Last week, the Wall Street Journal reported that Universal Music Group would be taking 10% of the company (roughly worth $4 billion) public via Pershing Square Tontine Holdings (PSTH), a special-purpose acquisition firm. This took over headlines not only because of UMG’s name but also because PSTH, founded by Bill Ackman, is the world’s largest SPAC. If you’re keen on reading endless non-professional takes on this move, do check out the PSTH Reddit and the little Billboard write-up on Ackman, a notorious hedge fund manager. UMG is still on track to IPO later this year, but in the meantime, retail traders can take a risk by betting on the future success of Olivia Rodrigo and Billie Eilish; or more realistically that UMG’s market dominance isn’t going anywhere. 
A few big-name purchases to highlight this week: I missed it, but in early May the Hipgnosis Songs Fund reportedly spent $150 million on the Red Hot Chili Peppers songwriting discography, which Billboard notes would represent 25x what it’s made in yearly revenue in recent years. Hipgnosis also bought the catalog of Joel Little, a songwriter who’s worked with Lorde, Taylor Swift, and many others. Then, last week, Reservoir, which is looking to go public-via-SPAC later this year, purchased Tommy Boy Music for $100 million. The money can’t stop flowing through these spaces!
6 Links 2 Read
The Productisation of Music Rights - The Music Industry Blog  
Marc Mulligan attempts to come up with a slightly different way of thinking about the rise in financial interests shaping the record industry market. It’s funny because everything he writes here makes sense but I’d say the phrase “financialization” already does the work of his suggested term “productisation”. 
Right now there is a push to try to make the United States’ Copyright Royalty Board increase mechanical royalty payouts on physical and digital sales, which haven’t moved since 2006. Much like I argued last month, the CRB’s remit is fairly expansive and with the industry’s shift towards digital in the last two decades, it’s absurd that there isn’t a more mindful attempt at forcing record labels and publishers to pay artists a fair rate while the industry thrives. 
Last year, Sony, Warner, and Universal made headlines for their charitable donations after the murder of George Floyd, but Vice’s reporting reveals they’ve actually only donated less than 20% of the $200 million they pledged to. The companies have attempted to blame systemic racism on why they haven’t lived up to their own self-declared actions of charitable giving, which I find truly bizarre. Beyond the comical excuses given, the author makes it clear that many of these initiatives are done with volunteer employee labor. These funds are not meeting their lofty press headlines and their workers are rarely compensated for this extra labor – a contradiction that points to a lack of real, deep commitment to these initiatives. Hopefully, a fire kept on these projects will allow their mission to be seen through and for those doing the work to get the extra pay they deserve.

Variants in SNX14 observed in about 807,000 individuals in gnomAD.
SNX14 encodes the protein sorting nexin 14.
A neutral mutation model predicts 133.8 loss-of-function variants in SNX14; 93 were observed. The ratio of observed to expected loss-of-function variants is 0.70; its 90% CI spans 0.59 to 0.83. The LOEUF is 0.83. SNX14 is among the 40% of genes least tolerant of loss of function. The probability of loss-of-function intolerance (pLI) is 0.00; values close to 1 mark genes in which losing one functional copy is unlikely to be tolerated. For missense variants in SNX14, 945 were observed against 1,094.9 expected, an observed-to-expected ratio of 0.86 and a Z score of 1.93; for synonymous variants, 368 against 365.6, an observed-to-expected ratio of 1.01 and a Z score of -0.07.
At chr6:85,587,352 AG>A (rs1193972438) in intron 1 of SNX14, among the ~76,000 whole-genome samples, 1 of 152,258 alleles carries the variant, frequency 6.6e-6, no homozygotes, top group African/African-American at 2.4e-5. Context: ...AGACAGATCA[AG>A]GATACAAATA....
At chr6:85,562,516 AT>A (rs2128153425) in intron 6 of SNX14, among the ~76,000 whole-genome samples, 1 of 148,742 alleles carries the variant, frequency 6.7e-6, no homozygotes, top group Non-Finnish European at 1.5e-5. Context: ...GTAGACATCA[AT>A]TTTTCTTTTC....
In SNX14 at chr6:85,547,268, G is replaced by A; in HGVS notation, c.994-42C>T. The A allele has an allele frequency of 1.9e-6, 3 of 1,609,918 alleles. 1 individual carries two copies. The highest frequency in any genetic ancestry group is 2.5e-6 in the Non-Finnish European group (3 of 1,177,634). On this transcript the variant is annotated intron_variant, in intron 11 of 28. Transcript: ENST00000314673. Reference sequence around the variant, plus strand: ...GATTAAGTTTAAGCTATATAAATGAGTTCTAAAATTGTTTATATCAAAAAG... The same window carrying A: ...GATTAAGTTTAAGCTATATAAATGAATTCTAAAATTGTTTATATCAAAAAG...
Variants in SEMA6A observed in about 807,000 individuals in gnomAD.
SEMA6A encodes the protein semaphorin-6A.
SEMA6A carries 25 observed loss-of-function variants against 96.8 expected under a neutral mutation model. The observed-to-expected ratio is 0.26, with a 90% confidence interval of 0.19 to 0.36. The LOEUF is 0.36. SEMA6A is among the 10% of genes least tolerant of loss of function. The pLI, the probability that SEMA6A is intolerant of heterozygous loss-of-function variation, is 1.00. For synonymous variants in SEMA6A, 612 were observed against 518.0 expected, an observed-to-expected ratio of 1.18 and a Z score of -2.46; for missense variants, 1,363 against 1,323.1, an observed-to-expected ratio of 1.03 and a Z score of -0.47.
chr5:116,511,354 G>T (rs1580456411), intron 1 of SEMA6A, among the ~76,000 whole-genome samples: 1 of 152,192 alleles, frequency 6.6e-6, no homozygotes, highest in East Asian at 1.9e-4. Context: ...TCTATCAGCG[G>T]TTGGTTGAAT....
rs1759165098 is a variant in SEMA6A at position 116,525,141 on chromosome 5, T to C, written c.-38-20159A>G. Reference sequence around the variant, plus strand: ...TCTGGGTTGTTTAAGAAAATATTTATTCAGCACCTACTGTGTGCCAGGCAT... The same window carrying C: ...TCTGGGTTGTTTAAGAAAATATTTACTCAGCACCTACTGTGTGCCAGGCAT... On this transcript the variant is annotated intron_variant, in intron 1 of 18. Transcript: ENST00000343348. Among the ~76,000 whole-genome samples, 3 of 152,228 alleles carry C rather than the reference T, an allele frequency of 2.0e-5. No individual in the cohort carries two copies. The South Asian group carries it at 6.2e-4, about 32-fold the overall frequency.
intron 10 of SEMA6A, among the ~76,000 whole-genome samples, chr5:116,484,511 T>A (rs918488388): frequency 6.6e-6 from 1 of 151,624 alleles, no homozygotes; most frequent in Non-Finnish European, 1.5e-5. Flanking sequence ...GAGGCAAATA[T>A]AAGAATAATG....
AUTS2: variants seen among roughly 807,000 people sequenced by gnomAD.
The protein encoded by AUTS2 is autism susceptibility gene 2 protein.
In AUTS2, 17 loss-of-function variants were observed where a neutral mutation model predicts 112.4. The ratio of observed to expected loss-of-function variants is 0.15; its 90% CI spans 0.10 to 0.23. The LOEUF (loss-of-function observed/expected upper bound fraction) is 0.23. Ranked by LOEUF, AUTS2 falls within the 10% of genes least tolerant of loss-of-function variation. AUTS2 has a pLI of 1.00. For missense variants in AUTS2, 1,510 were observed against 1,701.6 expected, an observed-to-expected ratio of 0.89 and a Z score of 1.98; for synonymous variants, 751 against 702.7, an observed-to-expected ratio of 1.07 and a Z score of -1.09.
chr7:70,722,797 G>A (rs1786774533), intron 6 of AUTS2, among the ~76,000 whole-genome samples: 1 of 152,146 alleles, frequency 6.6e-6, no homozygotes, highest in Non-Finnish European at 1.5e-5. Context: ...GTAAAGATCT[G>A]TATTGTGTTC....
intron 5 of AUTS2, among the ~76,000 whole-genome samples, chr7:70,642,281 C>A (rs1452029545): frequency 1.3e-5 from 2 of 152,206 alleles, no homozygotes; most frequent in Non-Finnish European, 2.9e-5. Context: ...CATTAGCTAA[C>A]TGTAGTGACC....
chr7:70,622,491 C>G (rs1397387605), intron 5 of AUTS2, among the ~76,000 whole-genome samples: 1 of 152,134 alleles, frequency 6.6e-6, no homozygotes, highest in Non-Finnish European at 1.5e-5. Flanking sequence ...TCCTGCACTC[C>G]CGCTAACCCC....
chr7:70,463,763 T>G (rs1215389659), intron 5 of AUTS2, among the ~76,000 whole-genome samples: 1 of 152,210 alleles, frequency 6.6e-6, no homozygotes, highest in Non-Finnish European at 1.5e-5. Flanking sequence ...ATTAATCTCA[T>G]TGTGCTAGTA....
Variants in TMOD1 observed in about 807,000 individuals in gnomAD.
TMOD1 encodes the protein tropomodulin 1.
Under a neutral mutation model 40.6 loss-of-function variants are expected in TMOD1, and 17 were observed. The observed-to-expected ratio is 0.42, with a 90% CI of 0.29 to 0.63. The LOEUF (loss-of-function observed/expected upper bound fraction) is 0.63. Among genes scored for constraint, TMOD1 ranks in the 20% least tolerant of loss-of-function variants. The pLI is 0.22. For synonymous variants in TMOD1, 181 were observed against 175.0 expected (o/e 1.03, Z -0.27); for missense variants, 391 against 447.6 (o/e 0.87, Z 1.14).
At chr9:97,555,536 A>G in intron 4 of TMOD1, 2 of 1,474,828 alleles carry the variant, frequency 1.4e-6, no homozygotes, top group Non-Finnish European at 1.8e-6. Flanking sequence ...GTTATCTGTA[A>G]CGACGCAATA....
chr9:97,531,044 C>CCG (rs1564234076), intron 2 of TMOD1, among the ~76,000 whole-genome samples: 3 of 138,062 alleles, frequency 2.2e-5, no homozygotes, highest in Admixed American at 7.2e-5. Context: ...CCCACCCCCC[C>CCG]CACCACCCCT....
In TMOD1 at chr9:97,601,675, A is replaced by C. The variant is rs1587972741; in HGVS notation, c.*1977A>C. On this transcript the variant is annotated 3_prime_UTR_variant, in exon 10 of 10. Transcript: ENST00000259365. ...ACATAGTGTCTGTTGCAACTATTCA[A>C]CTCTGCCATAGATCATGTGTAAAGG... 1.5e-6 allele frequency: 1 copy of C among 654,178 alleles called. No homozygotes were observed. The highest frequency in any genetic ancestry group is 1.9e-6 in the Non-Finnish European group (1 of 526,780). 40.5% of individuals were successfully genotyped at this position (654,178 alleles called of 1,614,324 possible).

Again, if anyone is even casually familiar with Chinese tech regulations, I’d love to chat because I continue to find the dance between the government and its massive tech and entertainment companies fascinating. Billboard hints that if Tencent’s streaming platforms are spun off, it could open up space for more competition. How much that will help average Chinese artists is unclear but signals this market is ripe for continued shifts. 
Chart manipulation isn’t new, even the fan-first variant is well-known. Billboard, a couple of years ago, adjusted how it weighed paid and free tier music streams and I’d suggest that perhaps more regular methodological checks might be worth it. This latest BTS example indicated that perhaps the chart wizards need to do another review of its charts after double-downing on fungible metrics.
A few weeks ago sitting at a park, I was handed a flyer for the Driver Cooperative, a worker-owned ride-hailing platform. I chatted with the guy handing out the flyers and was intrigued. Apparently, I wasn’t the only one to get the message since the New York Times recently wrote about the business, which is trying to offer an alternative to the Uber and Lyft dominance of the ride-hailing market. I’m a big supporter of cooperatives, so I’m hoping the small business can leave a decent footprint in the city. 
Blog Roll
My name is David Turner and I started Penny Fractions back in November 2017, as a way to think through various topics within the world of music streaming. Since then, the newsletter, which is delivered on Wednesday mornings (EST), has grown to reach over forty-five hundred subscribers with an archive that can be found right here. I’m currently a Program Manager at SoundCloud, so all thoughts here represent me, not my employer. Prior I wrote for Music Business Worldwide, Pitchfork, the New Yorker, Noisey, Rolling Stone, and Spin. There is a Patreon one can support to help cover email billing costs and to compensate my copy editors, Mariana Carvalho and Taylor Curry. Artwork is produced by graphic designer Kurt Woerpel. If curious, here is the newsletter’s budget sheet, tentative publishing schedule, and a research database. Any comments or concerns can be sent to pennyfractions@gmail.com